I’m happy to share that I am one of the co-authors of the first published study to show brain activity during ASMR.
The study is titled, “An fMRI investigation of the neural correlates underlying the ASMR” and was published by Bryson Lochte, Sean Guillory, Craig Richard, and William Kelley in the journal BioImpacts on September 23, 2018.
One of the biggest questions about ASMR is, “What is happening in the brain?” Although this study doesn’t fully answer that question, it is the first data to provide some direct insights.
Participants quietly layed down in fMRI machines, watched ASMR videos, and their brains were scanned during moments of brain tingling – and then those brain images were compared to moments without brain tingling.
The brain regions that were strongly activated during ASMR were similar to those regions activated when humans, and other animals, perform soothing social behaviors – known as affiliative behaviors. Typical examples of affiliative behaviors include calmly sitting close to each other, touching each other gently, and mutual grooming.
Jack Stevenson-Smith completed his Masters degree 2 years ago in the School of Psychology at the The University of Liverpool, UK.
He focused his Master’s research dissertation on ASMR and it was titled, “Bodily maps of novel somatosensation: Autonomous Sensory Meridian Response (ASMR)”
In my interview with Jack he shares the inspiration for his research, his aims, hypotheses, and methods, the challenges he encountered, some great tips for other ASMR researchers, and his special moment with Dmitri, the ASMR artist known as massageASMR.
Below are my questions in bold and his replies in italics.
A peer-reviewed research study is the first to report physiological changes while individuals experience ASMR.
The publication is titled, “More than a feeling: ASMR is characterized by reliable changes in affect and physiology” and is authored by Giulia Lara Poerio, Emma Blakey, and Theresa Veltri from the University of Sheffield (UK) and Thomas Hostler from the Manchester Metropolitan University (UK). The research was published June 20, 2018 in the journal PLOS ONE.
The publication reported the results of two studies. The first study involved about 1000 participants watching videos and reporting how they felt. The second study involved about 100 participants watching videos, reporting how they felt, and having some physiological responses measured.
I will first summarize the methods and results of the first study, then summarize the methods and results of the second study.
In this podcast episode, I will be summarizing the third peer-reviewed research publication about ASMR and sharing an interview with the authors.
The paper is titled, ““An Examination of Personality Traits Associated with Autonomous Sensory Meridian Response (ASMR)”)” and was published in the journal, Frontiers in Psychology on February 23, 2017. The authors are Beverley Fredborg, Jim Clark, and Stephen Smith from the University of Winnipeg in Manitoba, Canada.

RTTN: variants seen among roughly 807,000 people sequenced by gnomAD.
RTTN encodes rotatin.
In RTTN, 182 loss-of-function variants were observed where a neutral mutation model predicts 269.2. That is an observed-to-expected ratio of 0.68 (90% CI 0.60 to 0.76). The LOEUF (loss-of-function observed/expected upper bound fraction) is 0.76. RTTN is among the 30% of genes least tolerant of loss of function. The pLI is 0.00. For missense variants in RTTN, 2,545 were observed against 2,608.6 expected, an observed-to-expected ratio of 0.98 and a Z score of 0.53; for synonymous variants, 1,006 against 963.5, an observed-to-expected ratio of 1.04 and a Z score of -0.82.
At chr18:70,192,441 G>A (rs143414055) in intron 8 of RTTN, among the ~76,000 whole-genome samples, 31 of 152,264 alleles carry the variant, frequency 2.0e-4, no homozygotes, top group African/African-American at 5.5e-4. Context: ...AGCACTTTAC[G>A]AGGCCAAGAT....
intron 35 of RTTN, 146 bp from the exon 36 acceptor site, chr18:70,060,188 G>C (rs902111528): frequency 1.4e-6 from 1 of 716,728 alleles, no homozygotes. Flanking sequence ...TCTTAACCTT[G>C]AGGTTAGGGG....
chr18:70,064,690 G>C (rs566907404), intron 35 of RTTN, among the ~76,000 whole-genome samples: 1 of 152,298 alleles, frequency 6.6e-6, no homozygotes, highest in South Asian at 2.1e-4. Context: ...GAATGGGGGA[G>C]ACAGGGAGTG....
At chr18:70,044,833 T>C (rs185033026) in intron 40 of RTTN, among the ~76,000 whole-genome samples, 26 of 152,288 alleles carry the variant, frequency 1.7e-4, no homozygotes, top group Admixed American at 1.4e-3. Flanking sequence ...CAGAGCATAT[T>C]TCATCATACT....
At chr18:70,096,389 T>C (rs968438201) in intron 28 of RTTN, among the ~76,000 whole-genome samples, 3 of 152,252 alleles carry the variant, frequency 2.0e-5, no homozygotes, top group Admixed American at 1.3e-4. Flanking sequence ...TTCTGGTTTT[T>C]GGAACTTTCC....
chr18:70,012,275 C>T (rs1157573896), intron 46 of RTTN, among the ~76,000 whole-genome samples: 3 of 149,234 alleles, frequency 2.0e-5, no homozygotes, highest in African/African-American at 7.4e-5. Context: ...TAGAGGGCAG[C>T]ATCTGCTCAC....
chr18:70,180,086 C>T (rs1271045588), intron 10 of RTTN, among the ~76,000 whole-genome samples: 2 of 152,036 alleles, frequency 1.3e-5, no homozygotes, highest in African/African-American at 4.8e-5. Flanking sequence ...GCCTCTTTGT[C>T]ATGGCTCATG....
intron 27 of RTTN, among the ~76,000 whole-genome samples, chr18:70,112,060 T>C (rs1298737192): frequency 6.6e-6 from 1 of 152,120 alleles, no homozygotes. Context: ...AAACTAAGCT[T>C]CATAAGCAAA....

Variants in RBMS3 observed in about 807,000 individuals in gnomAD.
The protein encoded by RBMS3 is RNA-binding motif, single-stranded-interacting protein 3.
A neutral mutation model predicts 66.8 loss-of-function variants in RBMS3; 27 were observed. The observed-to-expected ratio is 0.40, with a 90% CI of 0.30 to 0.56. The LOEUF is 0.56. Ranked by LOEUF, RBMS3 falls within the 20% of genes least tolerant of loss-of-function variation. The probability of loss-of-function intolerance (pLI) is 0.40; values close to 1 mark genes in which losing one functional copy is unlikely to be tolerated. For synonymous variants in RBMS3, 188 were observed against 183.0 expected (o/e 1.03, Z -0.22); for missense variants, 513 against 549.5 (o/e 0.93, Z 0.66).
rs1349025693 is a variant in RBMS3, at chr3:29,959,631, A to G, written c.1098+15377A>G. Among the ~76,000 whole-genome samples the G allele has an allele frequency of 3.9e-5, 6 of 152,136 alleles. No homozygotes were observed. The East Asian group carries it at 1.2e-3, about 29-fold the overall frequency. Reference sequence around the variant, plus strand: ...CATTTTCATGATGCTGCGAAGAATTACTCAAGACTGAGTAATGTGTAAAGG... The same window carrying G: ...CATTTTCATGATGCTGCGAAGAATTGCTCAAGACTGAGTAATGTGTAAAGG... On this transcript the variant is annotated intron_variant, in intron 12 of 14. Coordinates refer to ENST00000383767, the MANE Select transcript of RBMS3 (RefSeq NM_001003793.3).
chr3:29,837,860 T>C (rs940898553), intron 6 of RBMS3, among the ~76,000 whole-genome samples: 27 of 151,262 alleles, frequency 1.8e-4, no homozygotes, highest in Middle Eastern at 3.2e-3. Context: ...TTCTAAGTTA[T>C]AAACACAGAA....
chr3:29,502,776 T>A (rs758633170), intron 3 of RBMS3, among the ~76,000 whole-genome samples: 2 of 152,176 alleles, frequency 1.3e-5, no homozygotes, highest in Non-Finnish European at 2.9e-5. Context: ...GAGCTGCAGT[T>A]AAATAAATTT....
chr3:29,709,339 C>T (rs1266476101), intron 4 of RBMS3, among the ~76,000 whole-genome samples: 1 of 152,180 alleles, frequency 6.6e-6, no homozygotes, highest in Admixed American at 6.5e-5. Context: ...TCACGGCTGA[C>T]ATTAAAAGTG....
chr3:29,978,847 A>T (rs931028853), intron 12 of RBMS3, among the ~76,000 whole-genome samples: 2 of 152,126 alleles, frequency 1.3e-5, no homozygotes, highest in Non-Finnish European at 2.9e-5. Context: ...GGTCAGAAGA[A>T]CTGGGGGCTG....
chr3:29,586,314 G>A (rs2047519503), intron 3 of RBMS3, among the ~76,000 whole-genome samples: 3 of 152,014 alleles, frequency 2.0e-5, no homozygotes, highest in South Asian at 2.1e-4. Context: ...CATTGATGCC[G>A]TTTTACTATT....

This podcast episode will cover the following topics:
What are the personality traits associated with ASMR-sensitive individuals?
What are the most intense ASMR triggers?
How they recruited participants and determined ASMR sensitivity.
The focus of their next ASMR research publication.
In this podcast episode, I will be summarizing the second peer-reviewed research publication about ASMR and sharing an interview with the authors.
The paper is titled, “An examination of the default mode network in individuals with autonomous sensory meridian response (ASMR)” and was published in the journal Social Neuroscience on May 31, 2016. The authors are Stephen Smith, Beverley Fredborg, and Jennifer Kornelsen from the University of Winnipeg in Manitoba, Canada.
This podcast episode will cover the following topics:
What is fMRI?
What did the experiment reveal about ASMR?
What challenges did they encounter during this project?
Beverley “Bev” Fredborg recently received her B.Sc. degree in Biopsychology from the University of Winnipeg and will soon be starting a Master’s degree program in Clinical Psychology at Ryerson University in Toronto, Canada.
She is currently a research assistant with Dr. Stephen Smith, an Associate Professor in the Department of Psychology at the University of Winnipeg.
I initially interviewed this duo in July of 2015 when they began to work together on an ASMR survey project.
And now I am fortunate to do another interview with them about their very recent and exciting ASMR research publication involving fMRI.
Jolien Morren has her Bachelor’s degree in Marine biology and Ecology & Evolution and is currently pursuing her Master’s Degree in Biology and Science Communication and Society at Leiden University in the Netherlands.
Jolien also creates ASMR videos for her YouTube channel, RelaxingSounds92, and for her blog, Sepiola.
I was very interested in talking with Jolien about ASMR after reading the subtitle of her blog, “Biologist and science communicator in the making, ASMR YouTuber, blogger”.
I knew she would have some valuable biological, evolutionary, and other related thoughts about ASMR.
In 2015, Emma Barratt and Nick Davis published the first peer-reviewed research study about ASMR. Their data were collected from online surveys and were very helpful to provide support about the sensations and potential applications of ASMR.
Now, Stephen Smith, Beverley Fredborg, and Jennifer Kornelsen from the University of Winnipeg in Manitoba, Canada have published the second peer-reviewed research study about ASMR.
A key difference between these two publication is that the more recent publication by Smith et al is the first biological publication about ASMR.